Insight from social media use by memory institutions in New Zealand. Participatory vs curatorial culture

Published date12 February 2018
DOIhttps://doi.org/10.1108/OIR-08-2016-0218
Pages93-106
Date12 February 2018
AuthorChern Li Liew,Gillian Oliver,Morgan Watkins
Insight from social media use by
memory institutions in
New Zealand
Participatory vs curatorial culture
Chern Li Liew
School of Information Management, Victoria University of Wellington,
Wellington, New Zealand
Gillian Oliver
Faculty of Information Technology, Monash University,
Caulfield East, Australia, and
Morgan Watkins
Faculty of Law, Victoria University of Wellington, New Zealand
Abstract
Purpose The relatively under-documented dark sideof participatory activities facilitated by memory
institutions through social media is examined in this study. The purpose of this paper is to investigate the
risks and perception of risks resulting from using social media for public engagement and participation.
Design/methodology/approach Semi-structured interviews were conducted with fourteen
representatives from the New Zealand information and cultural heritage sector who at the time of the
study were holding the main responsibilities of overseeing the social media and participatory activities of the
institutions they represented.
Findings It is not evident that the g rowth of social web has significantly cha nged the way the heritage
sector seeks participation. Only a small minority of the sample institutions appear to be using social web
tools to build communit y and to enhance their he ritage collections. F or the majority, instit utional use of
social media is for crea ting a chattering space. The main concerns ide ntified by interviewe es were
reputation managemen t and the risk management pro cess followed by most ins titutions appeared to be
reactive, respondin gt o problems as and when they occurred, ra ther than proactive about risk ident ification
and avoidance.
Research limitations/implications Findings are not generalisable as the sample size of thirteen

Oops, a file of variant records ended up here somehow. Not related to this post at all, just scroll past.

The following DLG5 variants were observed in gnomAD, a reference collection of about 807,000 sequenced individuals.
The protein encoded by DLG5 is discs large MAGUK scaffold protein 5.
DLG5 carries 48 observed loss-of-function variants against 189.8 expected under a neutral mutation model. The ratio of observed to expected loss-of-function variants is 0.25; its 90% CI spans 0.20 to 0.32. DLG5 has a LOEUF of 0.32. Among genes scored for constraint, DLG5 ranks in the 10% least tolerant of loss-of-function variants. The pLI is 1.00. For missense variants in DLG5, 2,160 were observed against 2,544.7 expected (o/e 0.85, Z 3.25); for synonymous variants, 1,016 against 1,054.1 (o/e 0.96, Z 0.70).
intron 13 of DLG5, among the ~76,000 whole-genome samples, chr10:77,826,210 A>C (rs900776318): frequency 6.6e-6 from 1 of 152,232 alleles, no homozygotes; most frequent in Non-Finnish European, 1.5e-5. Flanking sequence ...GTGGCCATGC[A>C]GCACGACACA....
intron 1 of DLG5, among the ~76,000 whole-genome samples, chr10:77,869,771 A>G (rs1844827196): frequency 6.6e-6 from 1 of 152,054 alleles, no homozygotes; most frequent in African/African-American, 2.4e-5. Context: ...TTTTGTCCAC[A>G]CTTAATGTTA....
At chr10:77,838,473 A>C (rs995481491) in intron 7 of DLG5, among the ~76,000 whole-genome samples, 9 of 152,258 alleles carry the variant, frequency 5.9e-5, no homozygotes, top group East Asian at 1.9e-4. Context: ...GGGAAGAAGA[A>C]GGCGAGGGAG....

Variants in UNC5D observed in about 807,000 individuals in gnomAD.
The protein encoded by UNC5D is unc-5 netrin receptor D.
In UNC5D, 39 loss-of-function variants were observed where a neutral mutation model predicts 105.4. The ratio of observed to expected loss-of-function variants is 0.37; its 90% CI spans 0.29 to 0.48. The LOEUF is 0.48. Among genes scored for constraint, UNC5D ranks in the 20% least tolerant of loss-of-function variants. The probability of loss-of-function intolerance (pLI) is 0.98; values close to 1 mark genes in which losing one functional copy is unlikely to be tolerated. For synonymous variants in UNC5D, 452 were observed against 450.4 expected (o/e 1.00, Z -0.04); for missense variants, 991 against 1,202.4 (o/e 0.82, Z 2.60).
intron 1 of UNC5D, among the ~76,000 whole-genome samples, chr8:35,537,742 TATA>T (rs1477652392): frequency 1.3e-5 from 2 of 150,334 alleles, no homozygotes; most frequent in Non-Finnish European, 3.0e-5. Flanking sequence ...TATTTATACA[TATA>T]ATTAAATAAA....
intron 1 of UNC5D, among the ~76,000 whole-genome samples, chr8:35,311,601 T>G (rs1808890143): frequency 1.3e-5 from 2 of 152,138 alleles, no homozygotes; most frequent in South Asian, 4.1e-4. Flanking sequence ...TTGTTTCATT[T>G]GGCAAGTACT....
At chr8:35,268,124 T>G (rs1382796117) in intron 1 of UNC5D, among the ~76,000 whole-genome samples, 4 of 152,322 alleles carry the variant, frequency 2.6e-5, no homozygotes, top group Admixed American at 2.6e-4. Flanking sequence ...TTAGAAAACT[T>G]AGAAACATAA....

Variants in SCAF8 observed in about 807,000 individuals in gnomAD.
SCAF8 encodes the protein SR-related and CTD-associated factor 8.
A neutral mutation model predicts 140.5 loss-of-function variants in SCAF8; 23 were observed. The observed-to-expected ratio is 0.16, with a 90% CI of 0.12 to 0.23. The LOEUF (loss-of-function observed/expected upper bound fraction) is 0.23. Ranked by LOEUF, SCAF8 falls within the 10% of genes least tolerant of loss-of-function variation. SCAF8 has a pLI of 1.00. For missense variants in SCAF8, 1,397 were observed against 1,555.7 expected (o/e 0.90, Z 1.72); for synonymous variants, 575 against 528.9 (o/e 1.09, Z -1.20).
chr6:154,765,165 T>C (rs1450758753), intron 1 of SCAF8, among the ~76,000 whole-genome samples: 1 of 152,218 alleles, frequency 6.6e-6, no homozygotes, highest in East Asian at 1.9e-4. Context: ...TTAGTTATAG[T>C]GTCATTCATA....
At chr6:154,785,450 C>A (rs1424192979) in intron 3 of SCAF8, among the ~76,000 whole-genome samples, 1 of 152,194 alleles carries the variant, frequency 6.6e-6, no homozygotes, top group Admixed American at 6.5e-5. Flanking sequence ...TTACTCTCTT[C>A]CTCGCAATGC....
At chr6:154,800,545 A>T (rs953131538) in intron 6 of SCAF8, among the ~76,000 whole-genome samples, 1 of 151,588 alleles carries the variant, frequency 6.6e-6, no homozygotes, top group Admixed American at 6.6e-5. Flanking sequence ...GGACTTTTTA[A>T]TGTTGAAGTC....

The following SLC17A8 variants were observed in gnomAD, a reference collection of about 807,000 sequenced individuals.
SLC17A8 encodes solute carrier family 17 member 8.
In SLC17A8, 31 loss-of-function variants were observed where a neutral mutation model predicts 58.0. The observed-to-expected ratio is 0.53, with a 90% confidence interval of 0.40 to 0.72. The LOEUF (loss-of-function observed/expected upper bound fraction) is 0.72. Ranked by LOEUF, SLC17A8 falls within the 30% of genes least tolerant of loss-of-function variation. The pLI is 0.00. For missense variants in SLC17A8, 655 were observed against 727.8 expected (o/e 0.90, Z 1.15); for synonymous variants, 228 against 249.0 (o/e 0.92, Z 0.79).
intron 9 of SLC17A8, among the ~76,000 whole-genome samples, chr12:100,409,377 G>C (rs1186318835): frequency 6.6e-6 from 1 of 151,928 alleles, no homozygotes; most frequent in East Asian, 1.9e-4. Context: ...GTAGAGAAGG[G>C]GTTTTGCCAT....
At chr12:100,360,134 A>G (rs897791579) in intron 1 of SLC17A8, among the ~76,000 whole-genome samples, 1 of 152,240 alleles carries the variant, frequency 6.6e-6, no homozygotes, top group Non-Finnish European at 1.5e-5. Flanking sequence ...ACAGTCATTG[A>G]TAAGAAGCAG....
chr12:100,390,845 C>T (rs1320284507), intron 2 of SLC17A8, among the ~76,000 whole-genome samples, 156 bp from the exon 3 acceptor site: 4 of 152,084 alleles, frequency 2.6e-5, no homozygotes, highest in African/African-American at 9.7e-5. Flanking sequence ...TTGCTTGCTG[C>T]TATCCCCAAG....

institutions is relatively small and is limited to one national context.
Originality/value Findings provide insight into largely unexplored issues relating to the development of
participatory cultures by memory institutions. The paper highlights a key area where further research is
needed, namely to explore whether participatory heritage should primarily be about curated viewpoints or
whether it should encompass capturing living dialogues, even when conversations are potentially offensive.
Keywords Risk perception, Risk management, Participatory heritage, Memory institutions, Social web
Paper type Research paper
Introduction
The integration of a participatory culture into the operations of memory institutions could
contribute towards the establishment of a sustainable, authentic relationship with the
public. One example is through engaging and encouraging a wide set of culturally relevant
communities who may be geographically dispersed to participate in institutional activities
related to documenting heritage. Memory institutions can leverage both skilled and
non-skilled input from members of the public or targeted source communities of heritage
Online Information Review
Vol. 42 No. 1, 2018
pp. 93-106
© Emerald PublishingLimited
1468-4527
DOI 10.1108/OIR-08-2016-0218
Received 17 August 2016
Revised 2 June 2017
Accepted 15 June 2017
The current issue and full text archive of this journal is available on Emerald Insight at:
www.emeraldinsight.com/1468-4527.htm
The authors would like to thank the two anonymous reviewers who provided the authors with a
number of suggestions for revising the original submission. The comments were thoughtful and
constructive, and they led to an improvement of this paper. The authors are very appreciative of them.
93
Participatory
vs curatorial
culture

To continue reading

Request your trial

VLEX uses login cookies to provide you with a better browsing experience. If you click on 'Accept' or continue browsing this site we consider that you accept our cookie policy. ACCEPT